Many conservatives responded by revealing the fragility of their own patriotism. Infowars editor Paul Joseph Watson tweeted that "it used to be a cliche, but what other conclusion can we draw at this point other than they really hate America?" Jim Hoft of Gateway Pundit called my article "a hateful and inaccurate smear piece," while Josh Hammer of The Daily Wire (with whose editor-in-chief, Ben Shapiro, I recently had a disputatious conversation) described Salon as a nest of "leftist ingrates" who are "profoundly ungrateful."

Famed civil liberties attorney Alan Dershowitz responding to a series of tweets promoting the article from Rep. Ayanna Pressley, D-Mass., by attacking her but not me: "Is this woman out of her mind? The Declaration of Independence was written in 1776! Did she take history in grade school? I think now [sic]." (Dershowitz calls himself a liberal, by the way, but has lately become a prominent defender of President Trump.) Numerous commenters simply expressed outrage that anyone would assert the Declaration of Independence had a racist and sexist history, while others responded with personal attacks against me as a Jew and an autistic person.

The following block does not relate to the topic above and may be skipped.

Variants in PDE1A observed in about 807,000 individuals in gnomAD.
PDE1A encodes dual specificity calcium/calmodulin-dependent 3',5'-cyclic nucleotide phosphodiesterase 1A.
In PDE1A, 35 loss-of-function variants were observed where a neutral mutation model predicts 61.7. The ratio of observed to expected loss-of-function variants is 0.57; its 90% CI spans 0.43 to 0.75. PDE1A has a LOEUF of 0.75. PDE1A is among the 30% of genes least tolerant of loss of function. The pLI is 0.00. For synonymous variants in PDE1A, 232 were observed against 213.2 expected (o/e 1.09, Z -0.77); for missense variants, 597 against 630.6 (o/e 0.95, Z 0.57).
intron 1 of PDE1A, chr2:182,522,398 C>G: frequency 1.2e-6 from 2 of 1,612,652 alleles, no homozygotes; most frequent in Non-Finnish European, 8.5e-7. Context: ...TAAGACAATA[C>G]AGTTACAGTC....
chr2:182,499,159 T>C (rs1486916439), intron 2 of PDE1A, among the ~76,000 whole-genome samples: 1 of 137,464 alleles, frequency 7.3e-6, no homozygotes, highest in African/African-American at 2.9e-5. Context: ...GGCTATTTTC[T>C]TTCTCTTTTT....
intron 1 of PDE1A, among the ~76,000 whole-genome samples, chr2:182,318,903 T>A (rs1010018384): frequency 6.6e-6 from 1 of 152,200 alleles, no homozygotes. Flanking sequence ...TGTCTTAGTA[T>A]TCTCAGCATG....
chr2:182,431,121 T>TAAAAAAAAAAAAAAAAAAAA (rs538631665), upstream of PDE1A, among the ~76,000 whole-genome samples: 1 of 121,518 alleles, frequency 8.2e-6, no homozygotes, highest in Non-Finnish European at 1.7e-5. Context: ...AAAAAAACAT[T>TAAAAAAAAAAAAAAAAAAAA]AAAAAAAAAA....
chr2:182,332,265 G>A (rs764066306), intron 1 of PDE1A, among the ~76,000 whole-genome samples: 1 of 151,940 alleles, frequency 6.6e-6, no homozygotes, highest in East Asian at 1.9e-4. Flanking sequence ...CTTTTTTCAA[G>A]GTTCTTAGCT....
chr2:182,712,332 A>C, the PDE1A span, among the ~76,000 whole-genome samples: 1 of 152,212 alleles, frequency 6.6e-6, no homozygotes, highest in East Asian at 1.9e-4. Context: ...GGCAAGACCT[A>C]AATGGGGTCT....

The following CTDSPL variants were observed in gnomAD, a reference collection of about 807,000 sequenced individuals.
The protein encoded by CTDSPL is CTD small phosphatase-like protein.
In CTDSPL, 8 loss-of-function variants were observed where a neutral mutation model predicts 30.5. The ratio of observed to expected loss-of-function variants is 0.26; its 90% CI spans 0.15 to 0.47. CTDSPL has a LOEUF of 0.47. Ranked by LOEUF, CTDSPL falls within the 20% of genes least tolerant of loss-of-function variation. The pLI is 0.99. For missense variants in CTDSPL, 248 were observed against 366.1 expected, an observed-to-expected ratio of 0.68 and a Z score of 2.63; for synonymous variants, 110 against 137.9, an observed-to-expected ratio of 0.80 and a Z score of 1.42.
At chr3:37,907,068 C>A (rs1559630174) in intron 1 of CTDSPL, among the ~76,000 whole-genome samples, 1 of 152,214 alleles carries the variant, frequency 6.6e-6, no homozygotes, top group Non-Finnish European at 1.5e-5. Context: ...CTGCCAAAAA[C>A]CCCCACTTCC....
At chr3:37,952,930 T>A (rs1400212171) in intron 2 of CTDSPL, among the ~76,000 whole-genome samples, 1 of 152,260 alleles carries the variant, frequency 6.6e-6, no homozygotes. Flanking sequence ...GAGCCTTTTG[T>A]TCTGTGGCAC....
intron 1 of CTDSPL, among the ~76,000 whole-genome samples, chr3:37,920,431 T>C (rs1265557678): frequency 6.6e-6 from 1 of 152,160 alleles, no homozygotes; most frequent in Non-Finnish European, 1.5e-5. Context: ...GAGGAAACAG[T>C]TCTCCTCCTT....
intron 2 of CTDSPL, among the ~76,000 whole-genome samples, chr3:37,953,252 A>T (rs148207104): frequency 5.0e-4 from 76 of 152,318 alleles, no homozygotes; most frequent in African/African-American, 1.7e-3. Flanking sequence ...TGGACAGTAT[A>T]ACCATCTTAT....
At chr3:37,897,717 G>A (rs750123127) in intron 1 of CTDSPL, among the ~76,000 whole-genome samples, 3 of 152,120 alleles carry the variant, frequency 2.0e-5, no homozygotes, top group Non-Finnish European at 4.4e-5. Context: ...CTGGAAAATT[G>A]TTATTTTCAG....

It is worth a brief response to the main points made against the article. Is it unfair to apply the standards of 2019 to 1776? Yes and no. Some contemporaries of the document's drafters absolutely wanted slavery to be abolished and women's rights to be recognized. Furthermore, even if that weren't true, the human rights of black people, women and Native Americans were unquestionably being ignored. Is the fact that society was far more racist and sexist than it is now really an excuse?

The founding fathers knew that they were drafting a revolutionary text, not only in the immediate political sense but in terms of its long-term philosophical implications. They were bold enough to go beyond merely condemning King George III — which could have been the extent of what they did — and instead made broad proclamations about human rights. It is to their credit that they went as far as they did, and it's an undeniable fact that they could have gone further but did not.